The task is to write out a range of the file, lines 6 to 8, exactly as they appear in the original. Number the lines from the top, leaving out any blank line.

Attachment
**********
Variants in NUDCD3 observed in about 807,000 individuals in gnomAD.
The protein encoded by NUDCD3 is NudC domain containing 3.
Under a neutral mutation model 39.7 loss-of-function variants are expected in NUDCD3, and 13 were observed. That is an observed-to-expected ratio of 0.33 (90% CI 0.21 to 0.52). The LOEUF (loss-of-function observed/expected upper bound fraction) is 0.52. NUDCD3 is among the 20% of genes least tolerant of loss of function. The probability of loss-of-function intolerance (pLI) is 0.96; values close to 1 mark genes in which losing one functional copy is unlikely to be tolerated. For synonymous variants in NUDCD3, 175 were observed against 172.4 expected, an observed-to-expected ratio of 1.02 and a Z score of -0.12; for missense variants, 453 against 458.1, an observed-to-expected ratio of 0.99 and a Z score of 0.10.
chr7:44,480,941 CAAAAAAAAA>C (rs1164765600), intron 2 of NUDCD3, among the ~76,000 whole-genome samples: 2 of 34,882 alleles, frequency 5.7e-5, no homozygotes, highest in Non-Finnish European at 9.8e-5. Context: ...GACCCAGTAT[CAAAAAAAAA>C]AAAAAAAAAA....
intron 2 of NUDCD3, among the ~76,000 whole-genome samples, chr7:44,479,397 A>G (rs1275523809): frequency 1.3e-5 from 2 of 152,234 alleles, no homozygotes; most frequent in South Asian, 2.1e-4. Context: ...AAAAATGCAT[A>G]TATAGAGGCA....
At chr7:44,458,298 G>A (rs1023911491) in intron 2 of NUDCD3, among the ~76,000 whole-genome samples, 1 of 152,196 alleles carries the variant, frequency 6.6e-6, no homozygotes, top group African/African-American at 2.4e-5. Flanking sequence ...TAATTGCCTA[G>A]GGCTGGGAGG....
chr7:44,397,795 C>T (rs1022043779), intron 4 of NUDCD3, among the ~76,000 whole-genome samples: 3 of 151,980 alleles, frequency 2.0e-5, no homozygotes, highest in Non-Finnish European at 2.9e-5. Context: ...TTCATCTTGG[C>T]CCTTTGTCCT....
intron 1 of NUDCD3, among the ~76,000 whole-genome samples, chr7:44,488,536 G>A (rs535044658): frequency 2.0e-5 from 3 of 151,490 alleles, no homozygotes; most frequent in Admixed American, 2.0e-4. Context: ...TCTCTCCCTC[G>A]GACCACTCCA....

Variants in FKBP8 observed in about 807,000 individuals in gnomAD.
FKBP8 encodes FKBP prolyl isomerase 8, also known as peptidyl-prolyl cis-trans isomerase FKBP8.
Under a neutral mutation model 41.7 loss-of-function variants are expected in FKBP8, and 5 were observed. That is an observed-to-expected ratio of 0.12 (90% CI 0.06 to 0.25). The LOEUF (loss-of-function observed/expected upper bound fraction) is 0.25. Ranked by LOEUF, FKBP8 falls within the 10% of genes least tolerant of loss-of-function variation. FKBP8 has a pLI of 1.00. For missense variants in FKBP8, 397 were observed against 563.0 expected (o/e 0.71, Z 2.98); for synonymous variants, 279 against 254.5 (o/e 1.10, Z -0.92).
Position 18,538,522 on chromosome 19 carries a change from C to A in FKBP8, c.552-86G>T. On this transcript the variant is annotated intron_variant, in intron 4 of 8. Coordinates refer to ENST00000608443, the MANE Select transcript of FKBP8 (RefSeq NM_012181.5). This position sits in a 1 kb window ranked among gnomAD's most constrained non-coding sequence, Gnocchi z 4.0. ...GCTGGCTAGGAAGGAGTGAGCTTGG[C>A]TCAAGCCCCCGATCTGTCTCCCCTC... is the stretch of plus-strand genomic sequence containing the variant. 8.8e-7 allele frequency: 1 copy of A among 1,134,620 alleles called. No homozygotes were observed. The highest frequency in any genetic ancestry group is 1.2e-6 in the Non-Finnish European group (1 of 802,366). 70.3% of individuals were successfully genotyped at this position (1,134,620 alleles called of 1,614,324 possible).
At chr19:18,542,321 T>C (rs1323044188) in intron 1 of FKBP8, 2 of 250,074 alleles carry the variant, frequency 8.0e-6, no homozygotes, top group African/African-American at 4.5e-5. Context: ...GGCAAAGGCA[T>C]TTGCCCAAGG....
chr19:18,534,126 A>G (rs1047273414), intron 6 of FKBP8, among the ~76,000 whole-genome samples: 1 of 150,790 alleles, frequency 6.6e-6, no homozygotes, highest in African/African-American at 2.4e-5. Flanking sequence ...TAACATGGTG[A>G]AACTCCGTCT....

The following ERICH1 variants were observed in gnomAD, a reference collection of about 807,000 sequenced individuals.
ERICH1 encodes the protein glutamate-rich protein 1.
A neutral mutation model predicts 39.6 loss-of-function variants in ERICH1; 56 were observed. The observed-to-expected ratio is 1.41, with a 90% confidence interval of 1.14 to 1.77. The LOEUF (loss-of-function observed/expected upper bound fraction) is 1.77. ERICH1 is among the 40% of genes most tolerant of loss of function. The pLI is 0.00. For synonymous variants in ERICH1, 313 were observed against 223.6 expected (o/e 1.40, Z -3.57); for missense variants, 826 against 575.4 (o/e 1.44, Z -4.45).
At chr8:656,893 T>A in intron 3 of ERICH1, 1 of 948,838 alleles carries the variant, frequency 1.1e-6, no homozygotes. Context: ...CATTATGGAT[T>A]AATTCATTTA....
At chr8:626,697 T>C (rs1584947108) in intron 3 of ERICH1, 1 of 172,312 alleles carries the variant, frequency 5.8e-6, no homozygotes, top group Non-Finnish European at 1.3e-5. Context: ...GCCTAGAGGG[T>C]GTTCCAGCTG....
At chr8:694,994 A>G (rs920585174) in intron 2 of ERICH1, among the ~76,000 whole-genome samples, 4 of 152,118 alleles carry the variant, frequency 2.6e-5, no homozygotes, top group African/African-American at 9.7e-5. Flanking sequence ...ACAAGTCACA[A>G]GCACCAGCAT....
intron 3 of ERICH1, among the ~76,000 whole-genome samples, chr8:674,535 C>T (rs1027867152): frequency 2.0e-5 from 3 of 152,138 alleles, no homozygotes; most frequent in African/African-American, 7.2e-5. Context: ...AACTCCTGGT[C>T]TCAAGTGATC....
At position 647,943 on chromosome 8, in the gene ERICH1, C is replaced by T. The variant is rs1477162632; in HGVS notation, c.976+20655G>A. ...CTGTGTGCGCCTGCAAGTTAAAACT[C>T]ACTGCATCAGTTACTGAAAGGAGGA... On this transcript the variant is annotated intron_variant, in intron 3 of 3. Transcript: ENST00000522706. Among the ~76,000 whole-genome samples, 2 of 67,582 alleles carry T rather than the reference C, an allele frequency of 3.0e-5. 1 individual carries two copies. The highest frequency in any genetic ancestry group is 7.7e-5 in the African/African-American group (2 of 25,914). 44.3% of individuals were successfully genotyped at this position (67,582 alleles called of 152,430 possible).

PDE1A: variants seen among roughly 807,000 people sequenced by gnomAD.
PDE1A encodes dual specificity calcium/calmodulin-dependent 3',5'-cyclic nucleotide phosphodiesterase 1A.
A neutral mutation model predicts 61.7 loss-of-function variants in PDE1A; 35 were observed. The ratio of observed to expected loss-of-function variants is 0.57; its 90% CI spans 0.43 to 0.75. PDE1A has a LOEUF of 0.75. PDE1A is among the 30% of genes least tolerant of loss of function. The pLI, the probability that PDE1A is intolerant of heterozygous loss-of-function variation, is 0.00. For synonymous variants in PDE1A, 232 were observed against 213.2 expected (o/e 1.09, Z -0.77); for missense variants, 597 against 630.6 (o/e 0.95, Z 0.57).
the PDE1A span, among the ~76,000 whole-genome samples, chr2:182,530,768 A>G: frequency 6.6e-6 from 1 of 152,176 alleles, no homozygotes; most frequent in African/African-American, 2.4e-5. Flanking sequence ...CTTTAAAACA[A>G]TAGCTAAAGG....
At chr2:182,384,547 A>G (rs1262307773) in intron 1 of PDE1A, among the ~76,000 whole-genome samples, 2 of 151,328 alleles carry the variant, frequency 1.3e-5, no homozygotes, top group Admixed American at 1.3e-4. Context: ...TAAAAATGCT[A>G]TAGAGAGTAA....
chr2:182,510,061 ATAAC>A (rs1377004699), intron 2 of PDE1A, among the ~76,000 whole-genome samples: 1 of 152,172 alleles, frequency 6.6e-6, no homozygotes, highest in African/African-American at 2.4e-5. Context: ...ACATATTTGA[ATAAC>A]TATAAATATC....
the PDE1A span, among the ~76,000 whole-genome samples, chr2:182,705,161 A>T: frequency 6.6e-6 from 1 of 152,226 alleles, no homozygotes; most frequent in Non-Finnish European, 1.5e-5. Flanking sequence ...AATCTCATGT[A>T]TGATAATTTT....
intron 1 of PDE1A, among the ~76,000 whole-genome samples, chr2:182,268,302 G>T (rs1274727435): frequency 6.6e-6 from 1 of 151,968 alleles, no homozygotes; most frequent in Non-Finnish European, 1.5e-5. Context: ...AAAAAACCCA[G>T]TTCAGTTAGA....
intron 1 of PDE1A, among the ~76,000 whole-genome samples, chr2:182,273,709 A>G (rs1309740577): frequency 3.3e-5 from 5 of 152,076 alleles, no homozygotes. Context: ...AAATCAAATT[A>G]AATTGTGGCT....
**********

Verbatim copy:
At chr7:44,458,298 G>A (rs1023911491) in intron 2 of NUDCD3, among the ~76,000 whole-genome samples, 1 of 152,196 alleles carries the variant, frequency 6.6e-6, no homozygotes, top group African/African-American at 2.4e-5. Flanking sequence ...TAATTGCCTA[G>A]GGCTGGGAGG....
chr7:44,397,795 C>T (rs1022043779), intron 4 of NUDCD3, among the ~76,000 whole-genome samples: 3 of 151,980 alleles, frequency 2.0e-5, no homozygotes, highest in Non-Finnish European at 2.9e-5. Context: ...TTCATCTTGG[C>T]CCTTTGTCCT....
intron 1 of NUDCD3, among the ~76,000 whole-genome samples, chr7:44,488,536 G>A (rs535044658): frequency 2.0e-5 from 3 of 151,490 alleles, no homozygotes; most frequent in Admixed American, 2.0e-4. Context: ...TCTCTCCCTC[G>A]GACCACTCCA....